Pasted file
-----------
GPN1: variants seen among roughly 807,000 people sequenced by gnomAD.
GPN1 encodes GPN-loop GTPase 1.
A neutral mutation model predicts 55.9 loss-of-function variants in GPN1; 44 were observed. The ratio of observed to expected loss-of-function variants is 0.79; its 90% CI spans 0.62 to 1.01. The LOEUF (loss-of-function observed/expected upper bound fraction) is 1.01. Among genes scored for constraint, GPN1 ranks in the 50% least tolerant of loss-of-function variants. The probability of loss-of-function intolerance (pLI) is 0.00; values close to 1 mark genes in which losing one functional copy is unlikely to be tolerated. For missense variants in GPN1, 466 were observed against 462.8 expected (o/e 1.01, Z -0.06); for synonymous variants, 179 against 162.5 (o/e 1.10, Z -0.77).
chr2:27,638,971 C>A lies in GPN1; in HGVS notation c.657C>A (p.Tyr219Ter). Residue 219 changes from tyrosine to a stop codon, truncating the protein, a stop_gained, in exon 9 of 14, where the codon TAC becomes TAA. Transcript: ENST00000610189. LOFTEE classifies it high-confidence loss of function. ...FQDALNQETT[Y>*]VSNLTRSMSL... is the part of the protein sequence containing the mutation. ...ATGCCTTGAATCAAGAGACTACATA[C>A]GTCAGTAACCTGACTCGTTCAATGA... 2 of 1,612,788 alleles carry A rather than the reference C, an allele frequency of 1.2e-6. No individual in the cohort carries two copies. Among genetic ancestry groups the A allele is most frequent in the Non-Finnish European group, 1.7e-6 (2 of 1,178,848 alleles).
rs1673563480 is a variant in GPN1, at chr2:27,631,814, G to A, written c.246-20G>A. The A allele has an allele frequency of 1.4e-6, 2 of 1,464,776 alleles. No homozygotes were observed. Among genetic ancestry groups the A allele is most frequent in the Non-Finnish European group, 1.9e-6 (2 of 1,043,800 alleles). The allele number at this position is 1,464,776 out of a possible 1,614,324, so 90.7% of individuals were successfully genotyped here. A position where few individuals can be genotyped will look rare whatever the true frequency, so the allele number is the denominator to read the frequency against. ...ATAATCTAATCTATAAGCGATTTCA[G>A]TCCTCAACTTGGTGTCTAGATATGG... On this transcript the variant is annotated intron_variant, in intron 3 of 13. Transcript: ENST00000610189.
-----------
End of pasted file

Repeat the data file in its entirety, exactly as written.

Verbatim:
GPN1: variants seen among roughly 807,000 people sequenced by gnomAD.
GPN1 encodes GPN-loop GTPase 1.
A neutral mutation model predicts 55.9 loss-of-function variants in GPN1; 44 were observed. The ratio of observed to expected loss-of-function variants is 0.79; its 90% CI spans 0.62 to 1.01. The LOEUF (loss-of-function observed/expected upper bound fraction) is 1.01. Among genes scored for constraint, GPN1 ranks in the 50% least tolerant of loss-of-function variants. The probability of loss-of-function intolerance (pLI) is 0.00; values close to 1 mark genes in which losing one functional copy is unlikely to be tolerated. For missense variants in GPN1, 466 were observed against 462.8 expected (o/e 1.01, Z -0.06); for synonymous variants, 179 against 162.5 (o/e 1.10, Z -0.77).
chr2:27,638,971 C>A lies in GPN1; in HGVS notation c.657C>A (p.Tyr219Ter). Residue 219 changes from tyrosine to a stop codon, truncating the protein, a stop_gained, in exon 9 of 14, where the codon TAC becomes TAA. Transcript: ENST00000610189. LOFTEE classifies it high-confidence loss of function. ...FQDALNQETT[Y>*]VSNLTRSMSL... is the part of the protein sequence containing the mutation. ...ATGCCTTGAATCAAGAGACTACATA[C>A]GTCAGTAACCTGACTCGTTCAATGA... 2 of 1,612,788 alleles carry A rather than the reference C, an allele frequency of 1.2e-6. No individual in the cohort carries two copies. Among genetic ancestry groups the A allele is most frequent in the Non-Finnish European group, 1.7e-6 (2 of 1,178,848 alleles).
rs1673563480 is a variant in GPN1, at chr2:27,631,814, G to A, written c.246-20G>A. The A allele has an allele frequency of 1.4e-6, 2 of 1,464,776 alleles. No homozygotes were observed. Among genetic ancestry groups the A allele is most frequent in the Non-Finnish European group, 1.9e-6 (2 of 1,043,800 alleles). The allele number at this position is 1,464,776 out of a possible 1,614,324, so 90.7% of individuals were successfully genotyped here. A position where few individuals can be genotyped will look rare whatever the true frequency, so the allele number is the denominator to read the frequency against. ...ATAATCTAATCTATAAGCGATTTCA[G>A]TCCTCAACTTGGTGTCTAGATATGG... On this transcript the variant is annotated intron_variant, in intron 3 of 13. Transcript: ENST00000610189.